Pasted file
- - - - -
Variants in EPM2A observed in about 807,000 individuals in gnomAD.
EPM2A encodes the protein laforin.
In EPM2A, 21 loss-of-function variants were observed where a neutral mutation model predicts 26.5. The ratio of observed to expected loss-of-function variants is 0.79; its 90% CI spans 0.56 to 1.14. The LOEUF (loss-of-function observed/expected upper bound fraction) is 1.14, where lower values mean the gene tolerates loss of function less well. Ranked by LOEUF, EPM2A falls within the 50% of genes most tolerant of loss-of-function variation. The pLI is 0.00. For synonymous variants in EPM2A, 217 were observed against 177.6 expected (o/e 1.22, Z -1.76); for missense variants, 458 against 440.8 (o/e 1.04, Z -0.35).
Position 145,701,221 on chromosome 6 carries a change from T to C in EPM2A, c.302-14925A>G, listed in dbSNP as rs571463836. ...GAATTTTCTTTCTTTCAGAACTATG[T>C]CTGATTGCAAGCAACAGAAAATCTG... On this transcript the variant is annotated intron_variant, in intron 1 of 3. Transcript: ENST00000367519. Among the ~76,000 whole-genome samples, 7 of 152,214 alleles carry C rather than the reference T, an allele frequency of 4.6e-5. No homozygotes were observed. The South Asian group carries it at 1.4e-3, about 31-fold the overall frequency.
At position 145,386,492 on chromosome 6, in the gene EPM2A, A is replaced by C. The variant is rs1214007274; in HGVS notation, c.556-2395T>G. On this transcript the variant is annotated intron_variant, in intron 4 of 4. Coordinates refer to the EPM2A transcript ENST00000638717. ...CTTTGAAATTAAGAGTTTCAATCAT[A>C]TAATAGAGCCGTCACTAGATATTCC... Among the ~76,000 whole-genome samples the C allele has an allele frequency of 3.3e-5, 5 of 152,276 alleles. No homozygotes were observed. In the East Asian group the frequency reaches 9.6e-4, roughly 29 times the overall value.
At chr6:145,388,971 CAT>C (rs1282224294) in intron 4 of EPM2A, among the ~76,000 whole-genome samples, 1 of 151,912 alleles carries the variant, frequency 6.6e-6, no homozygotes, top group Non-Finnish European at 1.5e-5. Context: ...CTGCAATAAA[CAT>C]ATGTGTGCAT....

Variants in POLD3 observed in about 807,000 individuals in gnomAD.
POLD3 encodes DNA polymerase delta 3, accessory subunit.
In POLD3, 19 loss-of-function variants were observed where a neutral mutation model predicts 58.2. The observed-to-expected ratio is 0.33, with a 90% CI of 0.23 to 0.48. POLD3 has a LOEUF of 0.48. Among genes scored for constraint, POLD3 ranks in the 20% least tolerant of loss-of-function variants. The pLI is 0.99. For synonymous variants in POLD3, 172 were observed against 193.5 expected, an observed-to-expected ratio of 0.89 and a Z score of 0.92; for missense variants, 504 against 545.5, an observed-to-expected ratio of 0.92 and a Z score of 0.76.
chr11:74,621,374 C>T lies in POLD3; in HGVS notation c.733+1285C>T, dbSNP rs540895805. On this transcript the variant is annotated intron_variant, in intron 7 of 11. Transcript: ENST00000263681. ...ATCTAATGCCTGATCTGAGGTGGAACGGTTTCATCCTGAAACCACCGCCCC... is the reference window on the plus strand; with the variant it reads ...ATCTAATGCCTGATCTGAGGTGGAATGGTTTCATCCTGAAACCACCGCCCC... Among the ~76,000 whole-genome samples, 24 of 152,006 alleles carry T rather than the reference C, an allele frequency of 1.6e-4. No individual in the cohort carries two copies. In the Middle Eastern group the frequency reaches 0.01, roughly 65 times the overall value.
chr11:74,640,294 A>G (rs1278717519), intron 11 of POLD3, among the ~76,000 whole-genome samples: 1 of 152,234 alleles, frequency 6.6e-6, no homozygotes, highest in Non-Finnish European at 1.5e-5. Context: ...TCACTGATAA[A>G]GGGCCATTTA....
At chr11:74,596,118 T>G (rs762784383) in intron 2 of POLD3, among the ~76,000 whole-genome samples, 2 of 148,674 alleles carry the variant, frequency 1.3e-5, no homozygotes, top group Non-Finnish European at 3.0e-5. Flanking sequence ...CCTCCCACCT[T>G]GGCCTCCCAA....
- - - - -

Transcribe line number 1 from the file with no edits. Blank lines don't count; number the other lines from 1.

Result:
Variants in EPM2A observed in about 807,000 individuals in gnomAD.